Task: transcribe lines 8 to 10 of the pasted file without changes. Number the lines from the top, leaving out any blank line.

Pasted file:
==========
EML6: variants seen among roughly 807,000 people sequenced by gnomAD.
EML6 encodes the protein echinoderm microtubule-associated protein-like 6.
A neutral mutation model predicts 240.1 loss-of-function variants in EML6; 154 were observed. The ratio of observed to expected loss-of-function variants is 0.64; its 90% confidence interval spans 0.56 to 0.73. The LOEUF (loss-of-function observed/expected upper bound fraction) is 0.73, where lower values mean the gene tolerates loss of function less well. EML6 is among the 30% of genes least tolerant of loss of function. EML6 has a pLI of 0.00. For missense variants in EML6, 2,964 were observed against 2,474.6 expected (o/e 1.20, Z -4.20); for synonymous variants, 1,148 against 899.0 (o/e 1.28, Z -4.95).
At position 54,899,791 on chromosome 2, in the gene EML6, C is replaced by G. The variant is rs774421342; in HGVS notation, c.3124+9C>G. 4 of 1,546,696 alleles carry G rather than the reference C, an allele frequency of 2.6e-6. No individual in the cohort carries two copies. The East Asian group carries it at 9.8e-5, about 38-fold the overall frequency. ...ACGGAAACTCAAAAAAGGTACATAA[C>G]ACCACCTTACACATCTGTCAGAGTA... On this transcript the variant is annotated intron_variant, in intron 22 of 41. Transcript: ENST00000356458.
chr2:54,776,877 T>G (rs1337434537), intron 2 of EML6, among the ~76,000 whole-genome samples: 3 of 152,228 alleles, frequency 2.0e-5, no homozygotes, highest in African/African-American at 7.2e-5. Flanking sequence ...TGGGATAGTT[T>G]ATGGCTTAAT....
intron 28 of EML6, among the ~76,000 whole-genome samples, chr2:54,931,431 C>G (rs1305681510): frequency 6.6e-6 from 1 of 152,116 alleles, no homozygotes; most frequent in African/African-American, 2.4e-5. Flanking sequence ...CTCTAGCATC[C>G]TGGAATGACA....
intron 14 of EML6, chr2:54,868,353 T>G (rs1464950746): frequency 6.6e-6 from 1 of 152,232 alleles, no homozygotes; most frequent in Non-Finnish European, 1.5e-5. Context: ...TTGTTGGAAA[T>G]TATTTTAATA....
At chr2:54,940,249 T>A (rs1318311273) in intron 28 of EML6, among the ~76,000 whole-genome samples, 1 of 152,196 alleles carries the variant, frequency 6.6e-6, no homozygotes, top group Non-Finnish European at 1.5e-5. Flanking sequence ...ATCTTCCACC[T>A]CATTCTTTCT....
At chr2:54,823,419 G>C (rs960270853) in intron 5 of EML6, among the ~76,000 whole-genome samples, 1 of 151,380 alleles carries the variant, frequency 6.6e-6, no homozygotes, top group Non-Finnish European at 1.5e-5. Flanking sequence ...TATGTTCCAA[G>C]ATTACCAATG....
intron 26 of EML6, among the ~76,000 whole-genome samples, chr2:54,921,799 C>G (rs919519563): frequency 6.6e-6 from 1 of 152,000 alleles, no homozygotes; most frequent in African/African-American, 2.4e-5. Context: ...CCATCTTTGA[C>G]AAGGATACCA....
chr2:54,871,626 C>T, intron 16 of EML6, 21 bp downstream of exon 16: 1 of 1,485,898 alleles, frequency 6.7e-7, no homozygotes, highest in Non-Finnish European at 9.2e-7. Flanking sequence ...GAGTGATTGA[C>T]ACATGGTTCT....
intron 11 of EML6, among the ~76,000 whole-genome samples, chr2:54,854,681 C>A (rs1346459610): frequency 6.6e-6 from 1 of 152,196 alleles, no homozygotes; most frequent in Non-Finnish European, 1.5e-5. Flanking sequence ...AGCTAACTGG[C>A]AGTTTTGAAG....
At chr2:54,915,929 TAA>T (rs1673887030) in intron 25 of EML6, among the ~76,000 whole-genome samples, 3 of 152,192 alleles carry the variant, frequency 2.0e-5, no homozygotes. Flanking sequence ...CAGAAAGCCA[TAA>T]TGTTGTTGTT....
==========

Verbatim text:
At chr2:54,940,249 T>A (rs1318311273) in intron 28 of EML6, among the ~76,000 whole-genome samples, 1 of 152,196 alleles carries the variant, frequency 6.6e-6, no homozygotes, top group Non-Finnish European at 1.5e-5. Flanking sequence ...ATCTTCCACC[T>A]CATTCTTTCT....
At chr2:54,823,419 G>C (rs960270853) in intron 5 of EML6, among the ~76,000 whole-genome samples, 1 of 151,380 alleles carries the variant, frequency 6.6e-6, no homozygotes, top group Non-Finnish European at 1.5e-5. Flanking sequence ...TATGTTCCAA[G>C]ATTACCAATG....
intron 26 of EML6, among the ~76,000 whole-genome samples, chr2:54,921,799 C>G (rs919519563): frequency 6.6e-6 from 1 of 152,000 alleles, no homozygotes; most frequent in African/African-American, 2.4e-5. Context: ...CCATCTTTGA[C>G]AAGGATACCA....